I’ve been away in Yorkshire on a research trip and returned home thoroughly inspired. But it wasn’t until the fourth and final day that I felt so optimistic. Initially, I was ready to abandon this novel completely and wait for the muse to send me something more plausible.
Last week, I mentioned my ambivalence about giving my character kidney failure. But with the setting – a former mill town that’s also a World Heritage Site – I felt on firmer ground. Oh, foolish me!
I started this blog in 2013 to share my reflections on reading, writing and psychology, along with my journey to become a published novelist. I soon graduated to about twenty book reviews a month and a weekly 99-word story. Ten years later, I've transferred my writing / publication updates to my new website but will continue here with occasional reviews and flash fiction pieces, and maybe the odd personal post.
There must be more than six degrees of separation between a boy who attends his oxen in rural Thailand and a contemporary social media influencer in the USA. But the farmer could be one steppingstone between them and the writer a link from the other end. The tour guide could be the bridge in the middle because they might need to shit in the woods. What am I on about? The answer is in these five mini reviews.
6 positive social changes in my lifetime: trans visibility; deinstitutionalisation; reproductive rights and more
These two novels depict a character’s reflections on their life following the sudden death of their spouse. Both the male writer in the first novel and the female teacher in the second are mourning not only the loss of a partner but of the promise of their original romance.
I'll continue posting longer reviews of books gifted to me by the author or publisher, but I'll probably keep this up for books I've bought myself. It should work for me, but will it work for you? Let me know in the comments what you think.
Read on for reviews of six contemporary novels, one classic novel, a short story collection and two non-fiction books, all read over the last three months.
The human mind has a wonderful capacity to protect us from unbearable memories, but there’s always a cost. As the narrators of these two novels discover when circumstances compel them to spend time with the mothers from whom they’ve grown apart. Read on to see which takes your fancy; I can heartily recommend reading both.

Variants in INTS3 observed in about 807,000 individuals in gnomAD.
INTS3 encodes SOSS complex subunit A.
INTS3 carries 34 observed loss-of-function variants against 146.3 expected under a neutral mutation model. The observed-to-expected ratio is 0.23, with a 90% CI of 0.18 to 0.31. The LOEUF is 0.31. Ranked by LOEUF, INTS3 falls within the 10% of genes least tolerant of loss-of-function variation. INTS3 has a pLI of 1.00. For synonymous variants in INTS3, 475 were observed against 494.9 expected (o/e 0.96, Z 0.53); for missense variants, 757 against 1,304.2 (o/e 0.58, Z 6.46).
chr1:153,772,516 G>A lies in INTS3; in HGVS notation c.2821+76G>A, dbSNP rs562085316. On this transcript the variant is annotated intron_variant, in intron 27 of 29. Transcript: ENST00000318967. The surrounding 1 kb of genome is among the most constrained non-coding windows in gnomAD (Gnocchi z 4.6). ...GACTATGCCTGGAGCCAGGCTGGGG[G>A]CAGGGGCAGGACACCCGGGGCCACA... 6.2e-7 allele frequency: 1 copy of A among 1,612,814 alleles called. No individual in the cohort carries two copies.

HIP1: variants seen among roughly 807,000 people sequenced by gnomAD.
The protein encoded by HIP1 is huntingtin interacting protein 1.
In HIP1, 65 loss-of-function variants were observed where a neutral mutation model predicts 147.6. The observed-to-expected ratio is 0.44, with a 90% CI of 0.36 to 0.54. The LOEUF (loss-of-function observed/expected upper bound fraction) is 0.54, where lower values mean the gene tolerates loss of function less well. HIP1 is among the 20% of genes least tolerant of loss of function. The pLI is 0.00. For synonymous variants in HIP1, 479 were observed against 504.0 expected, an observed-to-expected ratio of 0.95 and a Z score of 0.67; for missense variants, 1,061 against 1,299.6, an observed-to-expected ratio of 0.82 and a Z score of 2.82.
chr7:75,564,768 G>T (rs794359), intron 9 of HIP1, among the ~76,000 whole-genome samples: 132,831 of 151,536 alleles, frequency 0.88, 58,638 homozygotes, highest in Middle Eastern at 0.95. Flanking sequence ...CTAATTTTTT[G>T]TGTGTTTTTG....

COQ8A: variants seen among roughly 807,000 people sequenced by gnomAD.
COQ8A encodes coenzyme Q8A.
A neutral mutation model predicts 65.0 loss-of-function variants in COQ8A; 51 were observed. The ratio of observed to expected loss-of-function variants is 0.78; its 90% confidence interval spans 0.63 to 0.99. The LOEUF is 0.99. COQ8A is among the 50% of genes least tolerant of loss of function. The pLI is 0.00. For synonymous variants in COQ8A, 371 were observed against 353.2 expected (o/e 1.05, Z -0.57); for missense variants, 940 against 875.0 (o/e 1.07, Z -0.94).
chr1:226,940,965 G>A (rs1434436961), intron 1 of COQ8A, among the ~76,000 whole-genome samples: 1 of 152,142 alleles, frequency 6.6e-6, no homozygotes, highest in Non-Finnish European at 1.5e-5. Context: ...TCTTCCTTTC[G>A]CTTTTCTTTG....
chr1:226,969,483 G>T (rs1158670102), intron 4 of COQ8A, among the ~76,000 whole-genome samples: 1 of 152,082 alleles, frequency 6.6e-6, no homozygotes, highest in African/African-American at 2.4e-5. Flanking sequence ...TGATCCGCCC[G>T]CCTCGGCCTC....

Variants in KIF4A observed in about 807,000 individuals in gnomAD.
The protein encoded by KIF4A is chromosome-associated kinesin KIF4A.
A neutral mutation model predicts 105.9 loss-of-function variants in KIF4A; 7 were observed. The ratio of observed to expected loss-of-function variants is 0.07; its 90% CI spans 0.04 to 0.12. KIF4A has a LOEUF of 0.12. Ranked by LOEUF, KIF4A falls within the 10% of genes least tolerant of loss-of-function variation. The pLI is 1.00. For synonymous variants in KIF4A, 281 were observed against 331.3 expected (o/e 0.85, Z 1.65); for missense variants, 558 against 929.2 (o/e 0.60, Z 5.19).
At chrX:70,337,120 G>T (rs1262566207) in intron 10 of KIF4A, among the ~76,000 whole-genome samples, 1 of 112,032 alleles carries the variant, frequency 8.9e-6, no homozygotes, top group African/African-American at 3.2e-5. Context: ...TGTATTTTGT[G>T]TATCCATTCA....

Let’s consider two novels published this month which direct the reader’s gaze towards the characters’ inner lives, mentally and physically. The first, set in Australia during the recent rampaging bushfires, focuses on the characters’ wandering minds as they watch a play. The second, set in the Americas, looks in on the body and outwards to the stars.
Meanwhile, we plod on, making the best of what freedom we have. For those of us who live primarily in our heads, the pandemic is no excuse to shirk. So, on the reasonable assumption I’ll survive to implement them, here are my goals and plans for the coming year.
As night arrives ever earlier across the northern hemisphere, and Europe returns to lockdown, there could hardly be a better time to curl up with a book. If you have a UK address, you can enter a competition to win a signed copy of one of my novels and five other novels I’ve read and enjoyed.
Is there discrimination against women writers? (Is there even more discrimination against older women writers?) Probably but, there being even worse things to get hung up about right now, I’ll gloss over the fact that these two novels about under-appreciated female writers – one in 1960s Iceland, the other in 21st-century New York – come from fairly successful female authors. With a couple of caveats, either or both would make great lockdown reads.
When Inspired Quill, who published my first three books couldn’t find space in this year’s schedule, I considered self-publishing, and, for a whole week in January was convinced I was going with a pricey but prestigious assisted self-publishing outfit until it became clear that, even setting aside printing costs, I’d lose money on Amazon sales unless I ratcheted up the price. Now, of course, with events cancelled for the next several weeks, I feel remarkably lucky to have finally signed with Inspired Quill for May 2021.
entertaining fiction about identity, mental health and social justice
Anne Goodwin's books on Goodreads
Sugar and Snails
ratings: 52 (avg rating 4.21)
ratings: 60 (avg rating 3.17)
ratings: 9 (avg rating 4.56)
GUD: Greatest Uncommon Denominator, Issue 4
ratings: 9 (avg rating 4.44)
The Best of Fiction on the Web
ratings: 3 (avg rating 4.67)
Annecdotal is where real life brushes up against the fictional.
Annecdotist is the blogging persona of Anne Goodwin:
slug-slayer, tramper of moors,
author of three fiction books.
LATEST POSTS HERE
I don't post to a schedule, but average around ten reviews a month (see here for an alphabetical list),
some linked to a weekly flash fiction, plus posts on my WIPs and published books.
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